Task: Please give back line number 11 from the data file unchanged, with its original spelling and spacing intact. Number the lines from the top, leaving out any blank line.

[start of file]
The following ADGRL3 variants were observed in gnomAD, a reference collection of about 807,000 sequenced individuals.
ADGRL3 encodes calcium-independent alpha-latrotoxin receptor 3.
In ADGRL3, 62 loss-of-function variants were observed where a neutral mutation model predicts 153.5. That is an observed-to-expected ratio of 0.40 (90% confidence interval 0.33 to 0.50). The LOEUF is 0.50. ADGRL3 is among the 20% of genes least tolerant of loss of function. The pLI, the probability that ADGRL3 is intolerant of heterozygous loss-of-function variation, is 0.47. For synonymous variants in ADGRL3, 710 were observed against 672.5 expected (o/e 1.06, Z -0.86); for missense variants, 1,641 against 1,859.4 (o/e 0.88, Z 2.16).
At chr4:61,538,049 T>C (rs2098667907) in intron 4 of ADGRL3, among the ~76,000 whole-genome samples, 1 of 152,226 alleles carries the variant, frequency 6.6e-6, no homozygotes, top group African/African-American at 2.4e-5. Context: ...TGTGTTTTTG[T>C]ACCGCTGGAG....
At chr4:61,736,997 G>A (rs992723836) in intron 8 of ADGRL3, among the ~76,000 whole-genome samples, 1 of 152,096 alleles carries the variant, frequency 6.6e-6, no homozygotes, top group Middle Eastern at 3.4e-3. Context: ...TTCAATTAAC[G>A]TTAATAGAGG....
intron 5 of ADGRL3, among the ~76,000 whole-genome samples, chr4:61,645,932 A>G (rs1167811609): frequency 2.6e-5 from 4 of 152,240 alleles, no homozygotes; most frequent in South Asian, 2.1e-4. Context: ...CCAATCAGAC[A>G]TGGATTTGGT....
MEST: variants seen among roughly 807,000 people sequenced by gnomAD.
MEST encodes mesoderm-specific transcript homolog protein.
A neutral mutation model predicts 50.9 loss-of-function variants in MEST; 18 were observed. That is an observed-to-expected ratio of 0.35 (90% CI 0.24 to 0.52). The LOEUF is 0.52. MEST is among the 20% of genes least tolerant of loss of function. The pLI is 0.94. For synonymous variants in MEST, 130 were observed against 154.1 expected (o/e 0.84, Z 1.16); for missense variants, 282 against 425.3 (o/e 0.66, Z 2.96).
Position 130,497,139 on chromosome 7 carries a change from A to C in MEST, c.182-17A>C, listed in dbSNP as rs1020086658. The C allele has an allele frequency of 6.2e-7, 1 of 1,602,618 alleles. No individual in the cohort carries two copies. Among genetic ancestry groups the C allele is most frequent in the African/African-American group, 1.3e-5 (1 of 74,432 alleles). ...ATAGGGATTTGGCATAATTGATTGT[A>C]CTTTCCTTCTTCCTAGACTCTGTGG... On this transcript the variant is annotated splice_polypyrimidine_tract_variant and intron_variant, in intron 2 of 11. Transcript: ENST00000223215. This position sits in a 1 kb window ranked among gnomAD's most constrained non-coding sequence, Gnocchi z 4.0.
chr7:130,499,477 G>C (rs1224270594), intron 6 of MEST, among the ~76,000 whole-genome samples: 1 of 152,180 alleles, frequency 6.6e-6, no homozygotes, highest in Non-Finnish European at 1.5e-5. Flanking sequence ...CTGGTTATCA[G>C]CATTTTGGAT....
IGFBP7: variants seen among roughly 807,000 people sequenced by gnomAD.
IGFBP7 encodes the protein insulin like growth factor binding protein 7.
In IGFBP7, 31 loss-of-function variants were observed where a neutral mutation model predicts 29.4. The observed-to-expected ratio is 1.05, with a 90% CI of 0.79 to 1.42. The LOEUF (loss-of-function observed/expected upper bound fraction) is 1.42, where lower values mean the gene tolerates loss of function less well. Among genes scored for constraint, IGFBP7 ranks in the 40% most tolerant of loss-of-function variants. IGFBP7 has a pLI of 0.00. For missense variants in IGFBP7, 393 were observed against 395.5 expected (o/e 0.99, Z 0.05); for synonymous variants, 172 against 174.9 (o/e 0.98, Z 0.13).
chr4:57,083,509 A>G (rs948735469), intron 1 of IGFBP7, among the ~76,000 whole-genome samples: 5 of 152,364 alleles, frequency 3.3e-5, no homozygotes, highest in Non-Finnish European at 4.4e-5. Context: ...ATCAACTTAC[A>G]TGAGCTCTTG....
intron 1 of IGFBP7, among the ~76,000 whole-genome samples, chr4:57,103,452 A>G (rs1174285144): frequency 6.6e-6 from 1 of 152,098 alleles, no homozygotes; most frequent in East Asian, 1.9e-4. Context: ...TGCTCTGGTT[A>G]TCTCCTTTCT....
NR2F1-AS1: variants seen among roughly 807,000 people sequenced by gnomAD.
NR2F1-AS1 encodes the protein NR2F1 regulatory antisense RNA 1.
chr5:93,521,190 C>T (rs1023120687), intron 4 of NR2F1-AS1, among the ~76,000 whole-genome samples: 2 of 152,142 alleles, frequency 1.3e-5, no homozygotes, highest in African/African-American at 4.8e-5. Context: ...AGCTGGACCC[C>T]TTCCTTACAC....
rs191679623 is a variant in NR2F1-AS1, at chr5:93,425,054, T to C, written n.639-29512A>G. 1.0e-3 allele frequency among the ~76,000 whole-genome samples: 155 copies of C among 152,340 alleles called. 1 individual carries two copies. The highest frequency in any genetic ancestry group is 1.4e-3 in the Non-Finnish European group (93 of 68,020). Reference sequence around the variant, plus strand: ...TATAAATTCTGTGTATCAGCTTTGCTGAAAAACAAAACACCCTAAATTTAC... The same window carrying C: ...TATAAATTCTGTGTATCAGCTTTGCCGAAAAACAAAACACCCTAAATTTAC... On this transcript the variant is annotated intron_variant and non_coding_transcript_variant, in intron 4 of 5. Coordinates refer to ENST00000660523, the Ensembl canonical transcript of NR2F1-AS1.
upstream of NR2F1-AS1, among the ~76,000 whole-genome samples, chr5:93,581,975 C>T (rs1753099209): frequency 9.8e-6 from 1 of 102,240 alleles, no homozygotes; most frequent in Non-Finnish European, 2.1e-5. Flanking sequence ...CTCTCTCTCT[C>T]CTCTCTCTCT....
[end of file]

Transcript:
chr7:130,499,477 G>C (rs1224270594), intron 6 of MEST, among the ~76,000 whole-genome samples: 1 of 152,180 alleles, frequency 6.6e-6, no homozygotes, highest in Non-Finnish European at 1.5e-5. Flanking sequence ...CTGGTTATCA[G>C]CATTTTGGAT....